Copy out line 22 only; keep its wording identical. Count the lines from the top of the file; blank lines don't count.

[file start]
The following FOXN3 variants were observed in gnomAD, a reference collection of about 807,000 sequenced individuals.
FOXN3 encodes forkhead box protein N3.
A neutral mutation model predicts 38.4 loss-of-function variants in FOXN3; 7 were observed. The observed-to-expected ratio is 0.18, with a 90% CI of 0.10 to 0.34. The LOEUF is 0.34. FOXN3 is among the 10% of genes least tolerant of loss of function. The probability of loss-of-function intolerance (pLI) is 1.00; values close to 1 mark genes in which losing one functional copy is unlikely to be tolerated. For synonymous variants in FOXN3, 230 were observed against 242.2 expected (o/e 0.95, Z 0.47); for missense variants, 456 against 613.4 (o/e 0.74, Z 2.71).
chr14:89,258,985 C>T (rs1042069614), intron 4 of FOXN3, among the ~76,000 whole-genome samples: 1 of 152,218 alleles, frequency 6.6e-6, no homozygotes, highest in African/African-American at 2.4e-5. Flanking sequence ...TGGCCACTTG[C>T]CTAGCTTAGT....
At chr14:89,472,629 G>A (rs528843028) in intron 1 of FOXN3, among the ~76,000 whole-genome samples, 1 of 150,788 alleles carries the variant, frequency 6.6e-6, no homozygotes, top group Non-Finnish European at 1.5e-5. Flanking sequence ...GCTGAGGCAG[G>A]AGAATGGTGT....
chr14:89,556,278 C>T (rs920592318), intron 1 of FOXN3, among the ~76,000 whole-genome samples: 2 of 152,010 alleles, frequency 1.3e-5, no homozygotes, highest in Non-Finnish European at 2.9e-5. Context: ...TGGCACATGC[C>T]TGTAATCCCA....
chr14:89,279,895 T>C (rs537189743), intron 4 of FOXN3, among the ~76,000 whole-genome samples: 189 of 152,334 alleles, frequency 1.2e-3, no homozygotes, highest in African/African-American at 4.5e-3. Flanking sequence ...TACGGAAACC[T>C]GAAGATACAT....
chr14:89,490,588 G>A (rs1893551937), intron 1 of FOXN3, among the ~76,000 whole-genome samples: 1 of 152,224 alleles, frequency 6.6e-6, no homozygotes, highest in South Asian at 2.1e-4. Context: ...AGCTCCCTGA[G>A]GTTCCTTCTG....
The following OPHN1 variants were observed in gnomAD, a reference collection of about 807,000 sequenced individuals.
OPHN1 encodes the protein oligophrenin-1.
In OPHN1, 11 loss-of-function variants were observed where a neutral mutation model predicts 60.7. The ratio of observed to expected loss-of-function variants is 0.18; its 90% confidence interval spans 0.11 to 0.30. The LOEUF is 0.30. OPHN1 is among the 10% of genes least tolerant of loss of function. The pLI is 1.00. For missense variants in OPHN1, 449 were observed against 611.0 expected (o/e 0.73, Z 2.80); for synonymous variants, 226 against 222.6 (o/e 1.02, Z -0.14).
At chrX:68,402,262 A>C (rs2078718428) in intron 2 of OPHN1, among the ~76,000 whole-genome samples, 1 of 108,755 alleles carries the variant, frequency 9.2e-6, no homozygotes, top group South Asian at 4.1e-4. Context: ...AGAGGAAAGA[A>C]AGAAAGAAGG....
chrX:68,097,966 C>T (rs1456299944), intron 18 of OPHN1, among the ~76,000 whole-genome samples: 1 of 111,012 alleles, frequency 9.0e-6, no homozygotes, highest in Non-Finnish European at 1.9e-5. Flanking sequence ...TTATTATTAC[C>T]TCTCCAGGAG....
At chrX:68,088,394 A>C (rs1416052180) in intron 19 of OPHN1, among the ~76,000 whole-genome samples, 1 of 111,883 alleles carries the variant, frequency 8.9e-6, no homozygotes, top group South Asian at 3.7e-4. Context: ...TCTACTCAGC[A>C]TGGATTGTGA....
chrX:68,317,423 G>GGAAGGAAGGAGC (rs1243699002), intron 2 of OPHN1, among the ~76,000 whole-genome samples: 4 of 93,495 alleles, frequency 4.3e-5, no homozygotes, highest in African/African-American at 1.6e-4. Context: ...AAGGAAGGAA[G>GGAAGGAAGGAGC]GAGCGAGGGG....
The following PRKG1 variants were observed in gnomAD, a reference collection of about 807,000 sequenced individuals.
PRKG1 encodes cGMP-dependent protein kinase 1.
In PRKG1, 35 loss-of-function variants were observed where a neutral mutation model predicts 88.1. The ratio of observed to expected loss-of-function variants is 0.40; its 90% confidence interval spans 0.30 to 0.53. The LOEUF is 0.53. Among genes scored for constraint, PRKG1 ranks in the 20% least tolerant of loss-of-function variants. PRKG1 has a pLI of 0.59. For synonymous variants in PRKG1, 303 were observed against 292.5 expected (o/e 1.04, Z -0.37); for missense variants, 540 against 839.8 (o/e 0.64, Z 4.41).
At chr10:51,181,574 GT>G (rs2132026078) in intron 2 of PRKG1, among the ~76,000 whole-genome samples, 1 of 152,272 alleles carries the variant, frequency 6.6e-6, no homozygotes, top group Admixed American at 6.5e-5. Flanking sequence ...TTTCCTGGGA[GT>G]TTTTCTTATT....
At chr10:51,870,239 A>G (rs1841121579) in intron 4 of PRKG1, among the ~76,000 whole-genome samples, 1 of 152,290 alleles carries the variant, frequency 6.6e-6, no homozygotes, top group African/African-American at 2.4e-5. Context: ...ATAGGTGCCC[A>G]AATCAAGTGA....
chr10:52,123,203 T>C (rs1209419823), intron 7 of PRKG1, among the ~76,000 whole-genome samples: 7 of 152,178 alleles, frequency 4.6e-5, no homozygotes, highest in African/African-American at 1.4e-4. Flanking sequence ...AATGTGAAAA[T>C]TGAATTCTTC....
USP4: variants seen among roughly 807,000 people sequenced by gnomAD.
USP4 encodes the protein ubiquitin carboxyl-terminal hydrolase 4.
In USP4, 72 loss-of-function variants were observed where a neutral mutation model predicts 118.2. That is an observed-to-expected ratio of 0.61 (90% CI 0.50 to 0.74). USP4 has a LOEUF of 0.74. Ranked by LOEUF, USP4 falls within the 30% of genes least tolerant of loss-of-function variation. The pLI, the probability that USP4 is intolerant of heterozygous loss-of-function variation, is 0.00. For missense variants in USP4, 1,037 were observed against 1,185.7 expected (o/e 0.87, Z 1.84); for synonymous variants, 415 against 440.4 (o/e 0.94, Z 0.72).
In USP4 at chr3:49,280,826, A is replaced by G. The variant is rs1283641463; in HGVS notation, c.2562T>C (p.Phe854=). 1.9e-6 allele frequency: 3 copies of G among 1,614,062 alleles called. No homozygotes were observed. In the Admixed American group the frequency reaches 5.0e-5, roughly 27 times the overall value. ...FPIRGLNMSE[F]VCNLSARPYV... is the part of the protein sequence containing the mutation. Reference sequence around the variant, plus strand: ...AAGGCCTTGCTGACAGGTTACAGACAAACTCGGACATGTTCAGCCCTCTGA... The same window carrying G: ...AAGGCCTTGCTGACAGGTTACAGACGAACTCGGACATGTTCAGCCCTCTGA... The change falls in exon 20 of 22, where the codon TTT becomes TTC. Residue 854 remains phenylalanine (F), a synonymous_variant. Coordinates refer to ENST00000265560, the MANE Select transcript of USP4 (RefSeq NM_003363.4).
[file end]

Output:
USP4: variants seen among roughly 807,000 people sequenced by gnomAD.